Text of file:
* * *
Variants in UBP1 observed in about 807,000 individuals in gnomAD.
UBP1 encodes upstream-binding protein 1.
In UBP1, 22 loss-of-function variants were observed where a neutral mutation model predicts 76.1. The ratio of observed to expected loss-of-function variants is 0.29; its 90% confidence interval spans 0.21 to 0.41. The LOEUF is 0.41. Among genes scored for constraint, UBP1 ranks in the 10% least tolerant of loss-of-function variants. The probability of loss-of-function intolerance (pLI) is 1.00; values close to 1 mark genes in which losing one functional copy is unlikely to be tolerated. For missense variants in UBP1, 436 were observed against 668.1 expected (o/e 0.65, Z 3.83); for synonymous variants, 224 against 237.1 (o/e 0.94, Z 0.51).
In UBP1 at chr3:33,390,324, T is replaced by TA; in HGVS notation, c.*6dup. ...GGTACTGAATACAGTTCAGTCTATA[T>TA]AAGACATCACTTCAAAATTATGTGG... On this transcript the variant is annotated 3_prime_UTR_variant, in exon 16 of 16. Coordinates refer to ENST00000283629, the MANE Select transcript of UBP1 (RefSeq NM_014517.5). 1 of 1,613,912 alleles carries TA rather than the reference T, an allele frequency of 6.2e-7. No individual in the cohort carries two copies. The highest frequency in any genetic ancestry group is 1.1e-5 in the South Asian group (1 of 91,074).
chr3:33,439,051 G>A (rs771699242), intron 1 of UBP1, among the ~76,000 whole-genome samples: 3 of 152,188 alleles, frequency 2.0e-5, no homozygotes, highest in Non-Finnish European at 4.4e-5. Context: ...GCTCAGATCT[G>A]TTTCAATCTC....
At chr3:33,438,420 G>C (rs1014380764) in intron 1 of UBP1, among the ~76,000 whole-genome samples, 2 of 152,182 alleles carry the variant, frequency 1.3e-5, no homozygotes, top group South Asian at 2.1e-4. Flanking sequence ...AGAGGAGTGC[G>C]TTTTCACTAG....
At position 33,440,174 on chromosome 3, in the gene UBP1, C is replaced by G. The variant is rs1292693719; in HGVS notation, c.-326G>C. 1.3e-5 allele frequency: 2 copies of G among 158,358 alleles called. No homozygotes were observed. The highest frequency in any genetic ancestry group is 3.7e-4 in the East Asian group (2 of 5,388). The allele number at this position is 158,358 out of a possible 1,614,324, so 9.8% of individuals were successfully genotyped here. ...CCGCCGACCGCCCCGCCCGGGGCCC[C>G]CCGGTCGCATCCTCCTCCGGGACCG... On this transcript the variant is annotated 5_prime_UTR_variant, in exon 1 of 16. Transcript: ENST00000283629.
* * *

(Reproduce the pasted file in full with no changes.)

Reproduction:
Variants in UBP1 observed in about 807,000 individuals in gnomAD.
UBP1 encodes upstream-binding protein 1.
In UBP1, 22 loss-of-function variants were observed where a neutral mutation model predicts 76.1. The ratio of observed to expected loss-of-function variants is 0.29; its 90% confidence interval spans 0.21 to 0.41. The LOEUF is 0.41. Among genes scored for constraint, UBP1 ranks in the 10% least tolerant of loss-of-function variants. The probability of loss-of-function intolerance (pLI) is 1.00; values close to 1 mark genes in which losing one functional copy is unlikely to be tolerated. For missense variants in UBP1, 436 were observed against 668.1 expected (o/e 0.65, Z 3.83); for synonymous variants, 224 against 237.1 (o/e 0.94, Z 0.51).
In UBP1 at chr3:33,390,324, T is replaced by TA; in HGVS notation, c.*6dup. ...GGTACTGAATACAGTTCAGTCTATA[T>TA]AAGACATCACTTCAAAATTATGTGG... On this transcript the variant is annotated 3_prime_UTR_variant, in exon 16 of 16. Coordinates refer to ENST00000283629, the MANE Select transcript of UBP1 (RefSeq NM_014517.5). 1 of 1,613,912 alleles carries TA rather than the reference T, an allele frequency of 6.2e-7. No individual in the cohort carries two copies. The highest frequency in any genetic ancestry group is 1.1e-5 in the South Asian group (1 of 91,074).
chr3:33,439,051 G>A (rs771699242), intron 1 of UBP1, among the ~76,000 whole-genome samples: 3 of 152,188 alleles, frequency 2.0e-5, no homozygotes, highest in Non-Finnish European at 4.4e-5. Context: ...GCTCAGATCT[G>A]TTTCAATCTC....
At chr3:33,438,420 G>C (rs1014380764) in intron 1 of UBP1, among the ~76,000 whole-genome samples, 2 of 152,182 alleles carry the variant, frequency 1.3e-5, no homozygotes, top group South Asian at 2.1e-4. Flanking sequence ...AGAGGAGTGC[G>C]TTTTCACTAG....
At position 33,440,174 on chromosome 3, in the gene UBP1, C is replaced by G. The variant is rs1292693719; in HGVS notation, c.-326G>C. 1.3e-5 allele frequency: 2 copies of G among 158,358 alleles called. No homozygotes were observed. The highest frequency in any genetic ancestry group is 3.7e-4 in the East Asian group (2 of 5,388). The allele number at this position is 158,358 out of a possible 1,614,324, so 9.8% of individuals were successfully genotyped here. ...CCGCCGACCGCCCCGCCCGGGGCCC[C>G]CCGGTCGCATCCTCCTCCGGGACCG... On this transcript the variant is annotated 5_prime_UTR_variant, in exon 1 of 16. Transcript: ENST00000283629.